In the midst of recent chaos, I found myself thinking, helpfully: I feel fat. Am I getting fat? Then there were nights when a handful of Junior Mints failed to do their job of soothing me. New thought: Shit, I’m using food to medicate anxiety.
While I’ve had a great deal of recovery from bulimia/anorexia, and I can often joke about my relationship with food, there was a time when there was nothing funny about the stuff I was doing with food.
Today I am sharing an essay about my early recovery from an eating disorder. It reminds me what real problems are: killing myself with food by purging every day. That’s a problem I used to have. It was a big one. Remembering a precarious time in 1992 helps me get in touch with reality: Having boxes to unpack in a new home isn’t a problem; it’s a luxury– one that could be snatched from my hands if I don’t remember who I am, where I come from, and what my diseased thinking around food could do if I don’t stay close to my recovery.
* * *
I stared at the ceiling of my dorm room.
I thought about my schedule for the next day. Sundays were usually relaxing, but finals were about to start so we’d be camped out in the library with half the school. I had been relying on a steady diet of Hot Tamales, Diet Coke and purging to get me through for months. Now all of that was off the table.
No one knew I had gone to the meeting. I was scared to tell anyone just in case it didn’t do any good. My parents and best friends had figured out that I was getting really weird about food; they suspected the worst, and they were right.
For years I summoned every ounce of willpower to control the bingeing and purging, but my reserves could no longer bring full 24-hours of relief from the cycle. The week before I went to my first meeting I fainted in the shower after trying to throw up a chocolate muffin. I believed that if those 12-step meetings didn’t work I would probably die like a junkie, except instead of heroin and needles I would be surrounded by snacks from a vending machine and lots of wrappers.
I turned on my side and stared at the wall. In the darkened room I could make out the picture on the wall. I could see an outline of myself with my sorority sisters—my silver hoop earrings and the letter shirt I wore on the day we pledged. It was supposed to be a happy day. I’d been invited in—my name was on the stationary engraved in gold and blue letters. That was just over a year before and even though I couldn’t see in the dark, I remembered how my eyes looked that day. I passed as a normal college girl, but my eyes betrayed me to anyone looking closely. They were puffy around the edges and there was a sadness that was usually mistaken for shyness.
Right after I got my invitation to join the sorority, we were assigned “big sisters” from the class above us. It was a tradition to spend the night at the house altogether. My big sis, a sweet girl from my all-girls high school in Dallas, drove me to my dorm to grab what I needed for the overnight.
“I’ll be right back,” I said, leaving her to idle in the parking lot while I ran up to my room. I was supposed to be packing a bag with a contact lens case, some deodorant and something to sleep in. But, first I stuffed my mouth full of as many pretzels and crackers as I could. I thought about going for the popcorn, but the kernels hurt my throat when they came back up.
As that the picture was snapped later that afternoon, I was obsessing about how many calories I had digested during the binge. Did I get it all out?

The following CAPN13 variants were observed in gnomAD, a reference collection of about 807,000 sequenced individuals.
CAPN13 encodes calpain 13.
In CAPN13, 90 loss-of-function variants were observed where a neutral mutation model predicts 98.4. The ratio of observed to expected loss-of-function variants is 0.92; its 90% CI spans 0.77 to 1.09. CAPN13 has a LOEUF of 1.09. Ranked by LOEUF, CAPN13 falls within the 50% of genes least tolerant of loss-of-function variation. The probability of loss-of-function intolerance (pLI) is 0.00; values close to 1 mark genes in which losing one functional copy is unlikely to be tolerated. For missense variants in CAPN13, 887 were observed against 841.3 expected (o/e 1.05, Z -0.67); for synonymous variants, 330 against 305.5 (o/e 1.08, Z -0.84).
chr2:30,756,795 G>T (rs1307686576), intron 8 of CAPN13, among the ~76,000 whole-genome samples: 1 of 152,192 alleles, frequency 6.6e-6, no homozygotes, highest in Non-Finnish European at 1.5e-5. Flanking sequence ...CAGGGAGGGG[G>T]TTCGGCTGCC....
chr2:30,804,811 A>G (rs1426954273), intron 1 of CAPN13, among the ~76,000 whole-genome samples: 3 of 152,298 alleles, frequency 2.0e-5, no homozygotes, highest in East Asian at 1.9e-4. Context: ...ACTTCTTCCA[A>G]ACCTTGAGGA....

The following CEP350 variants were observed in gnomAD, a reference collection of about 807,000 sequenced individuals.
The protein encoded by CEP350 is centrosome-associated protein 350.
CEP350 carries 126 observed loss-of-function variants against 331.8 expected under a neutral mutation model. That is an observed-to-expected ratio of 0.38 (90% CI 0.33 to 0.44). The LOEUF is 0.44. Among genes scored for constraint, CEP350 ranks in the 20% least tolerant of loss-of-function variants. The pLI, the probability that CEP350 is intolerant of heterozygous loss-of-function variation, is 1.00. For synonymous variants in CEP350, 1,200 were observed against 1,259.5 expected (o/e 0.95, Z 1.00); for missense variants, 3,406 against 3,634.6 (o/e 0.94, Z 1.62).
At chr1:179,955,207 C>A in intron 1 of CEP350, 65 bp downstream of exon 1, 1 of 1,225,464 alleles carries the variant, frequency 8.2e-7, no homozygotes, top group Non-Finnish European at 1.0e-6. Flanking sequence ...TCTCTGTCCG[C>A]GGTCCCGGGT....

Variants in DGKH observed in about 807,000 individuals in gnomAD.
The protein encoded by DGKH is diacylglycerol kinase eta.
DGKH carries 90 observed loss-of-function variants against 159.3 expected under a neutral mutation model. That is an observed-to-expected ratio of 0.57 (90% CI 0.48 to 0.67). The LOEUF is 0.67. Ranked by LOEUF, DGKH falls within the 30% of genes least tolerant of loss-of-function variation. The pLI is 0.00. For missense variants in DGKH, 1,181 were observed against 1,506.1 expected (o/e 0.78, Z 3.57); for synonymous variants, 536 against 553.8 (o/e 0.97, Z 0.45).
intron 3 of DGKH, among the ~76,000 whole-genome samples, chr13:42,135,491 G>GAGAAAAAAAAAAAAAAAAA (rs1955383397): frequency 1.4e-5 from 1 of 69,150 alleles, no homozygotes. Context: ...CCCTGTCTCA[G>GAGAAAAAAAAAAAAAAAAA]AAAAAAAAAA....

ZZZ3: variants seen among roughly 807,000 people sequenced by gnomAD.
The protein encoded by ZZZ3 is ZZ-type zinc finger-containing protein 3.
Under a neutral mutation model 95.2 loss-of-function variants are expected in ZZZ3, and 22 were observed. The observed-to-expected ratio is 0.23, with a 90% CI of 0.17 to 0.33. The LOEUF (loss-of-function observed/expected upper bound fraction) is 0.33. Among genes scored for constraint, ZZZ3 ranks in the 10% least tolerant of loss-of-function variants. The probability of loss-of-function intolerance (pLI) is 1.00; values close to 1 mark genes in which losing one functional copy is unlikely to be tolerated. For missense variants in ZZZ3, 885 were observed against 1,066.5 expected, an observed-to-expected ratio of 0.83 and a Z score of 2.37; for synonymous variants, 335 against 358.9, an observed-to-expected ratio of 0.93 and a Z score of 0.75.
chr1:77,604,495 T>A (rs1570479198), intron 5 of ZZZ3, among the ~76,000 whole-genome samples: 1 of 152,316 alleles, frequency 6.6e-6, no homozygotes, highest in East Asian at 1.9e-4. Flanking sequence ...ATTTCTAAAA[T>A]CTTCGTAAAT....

Now in the dark, I wondered how different I would have looked if I had started going to 12-step meetings years ago.
I flipped again and stared at the ceiling. Had I really introduced myself to everyone as “Christie, a bulimic”? The details of the meeting swirled in my head. It had seemed like an utterly unremarkable way to spend an hour until the woman next to me started talking. “I used to drive around at night eating until I was sick,” she explained, “but I don’t do that anymore.” As I heard her tell her story, I realized that I had actually gone a few minutes without thinking about food for the first time in years.
For years my bulimia had been gaining strength like a hurricane that starts as a colored smudge on the radar way off in Atlantic Ocean, but eventually gains speed and destroys entire coastal cities. Areas of my life were slowly being picked off by bulimia’s high winds. There was no dating, very few friends—all of that replaced by piles of secrets about food. My energy was devoted to food—where to get it, how to eat it secretly and how to throw it up. I knew every bathroom on campus.
But some part of me—brain, soul, spirit—came to a standstill during the meeting.
“Do you have any questions?” A young woman with kind eyes asked me when the meeting was over. I was overwhelmed and afraid that the buzzing would start again as soon as I got in my car alone.
“I’m just wondering what I should eat. . . ” I sputtered out what sounded like half-statement and half-question. I’d betrayed my biggest secret: a devastating ignorance about the most basic of human functions.
“We suggest that you eat three meals a day,” she said simply, handing me her number on a piece of notebook paper. “Call me before you throw up again.”
“That’s it?” I asked, feeling the panic rise, wondering what I would do when the obsession started again.
“Come to meetings.”
After the meeting I shocked myself by not bingeing even though I was alone and my food stash was right there. I didn’t let myself hope that my new-found freedom would last or that I would never find myself again on my knees before the toilet coaxing food from my gut to the bowl.
I felt sleep coming, at last. I reached my hand up to the shelf above my bed and felt the piece of paper that had the nice lady’s number on it. I planned to call if I wanted to throw up.
As for what to eat tomorrow, I decided to start with breakfast and then take it from there.